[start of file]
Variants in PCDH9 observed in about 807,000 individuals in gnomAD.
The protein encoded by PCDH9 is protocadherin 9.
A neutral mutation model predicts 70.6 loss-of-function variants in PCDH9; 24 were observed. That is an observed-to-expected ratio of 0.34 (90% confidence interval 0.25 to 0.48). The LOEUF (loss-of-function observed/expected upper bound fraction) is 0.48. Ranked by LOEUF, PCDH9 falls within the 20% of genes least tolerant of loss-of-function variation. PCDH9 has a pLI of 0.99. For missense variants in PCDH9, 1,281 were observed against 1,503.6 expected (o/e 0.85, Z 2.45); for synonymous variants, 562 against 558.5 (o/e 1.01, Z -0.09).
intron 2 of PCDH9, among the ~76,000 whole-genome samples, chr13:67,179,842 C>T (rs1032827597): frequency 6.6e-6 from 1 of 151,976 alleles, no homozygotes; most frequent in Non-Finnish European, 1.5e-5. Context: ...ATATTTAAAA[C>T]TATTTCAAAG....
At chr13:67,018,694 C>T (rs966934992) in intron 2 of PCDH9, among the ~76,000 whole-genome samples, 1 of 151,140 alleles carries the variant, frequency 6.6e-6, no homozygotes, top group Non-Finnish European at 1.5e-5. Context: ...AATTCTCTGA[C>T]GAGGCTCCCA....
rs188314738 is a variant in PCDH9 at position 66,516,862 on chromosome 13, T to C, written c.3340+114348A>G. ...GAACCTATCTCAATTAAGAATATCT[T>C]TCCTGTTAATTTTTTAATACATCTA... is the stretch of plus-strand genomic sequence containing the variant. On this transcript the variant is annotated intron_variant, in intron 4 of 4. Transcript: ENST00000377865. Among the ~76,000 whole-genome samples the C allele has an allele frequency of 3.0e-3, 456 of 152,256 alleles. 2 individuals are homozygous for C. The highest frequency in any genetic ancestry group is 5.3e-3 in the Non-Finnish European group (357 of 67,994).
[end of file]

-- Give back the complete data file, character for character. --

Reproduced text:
Variants in PCDH9 observed in about 807,000 individuals in gnomAD.
The protein encoded by PCDH9 is protocadherin 9.
A neutral mutation model predicts 70.6 loss-of-function variants in PCDH9; 24 were observed. That is an observed-to-expected ratio of 0.34 (90% confidence interval 0.25 to 0.48). The LOEUF (loss-of-function observed/expected upper bound fraction) is 0.48. Ranked by LOEUF, PCDH9 falls within the 20% of genes least tolerant of loss-of-function variation. PCDH9 has a pLI of 0.99. For missense variants in PCDH9, 1,281 were observed against 1,503.6 expected (o/e 0.85, Z 2.45); for synonymous variants, 562 against 558.5 (o/e 1.01, Z -0.09).
intron 2 of PCDH9, among the ~76,000 whole-genome samples, chr13:67,179,842 C>T (rs1032827597): frequency 6.6e-6 from 1 of 151,976 alleles, no homozygotes; most frequent in Non-Finnish European, 1.5e-5. Context: ...ATATTTAAAA[C>T]TATTTCAAAG....
At chr13:67,018,694 C>T (rs966934992) in intron 2 of PCDH9, among the ~76,000 whole-genome samples, 1 of 151,140 alleles carries the variant, frequency 6.6e-6, no homozygotes, top group Non-Finnish European at 1.5e-5. Context: ...AATTCTCTGA[C>T]GAGGCTCCCA....
rs188314738 is a variant in PCDH9 at position 66,516,862 on chromosome 13, T to C, written c.3340+114348A>G. ...GAACCTATCTCAATTAAGAATATCT[T>C]TCCTGTTAATTTTTTAATACATCTA... is the stretch of plus-strand genomic sequence containing the variant. On this transcript the variant is annotated intron_variant, in intron 4 of 4. Transcript: ENST00000377865. Among the ~76,000 whole-genome samples the C allele has an allele frequency of 3.0e-3, 456 of 152,256 alleles. 2 individuals are homozygous for C. The highest frequency in any genetic ancestry group is 5.3e-3 in the Non-Finnish European group (357 of 67,994).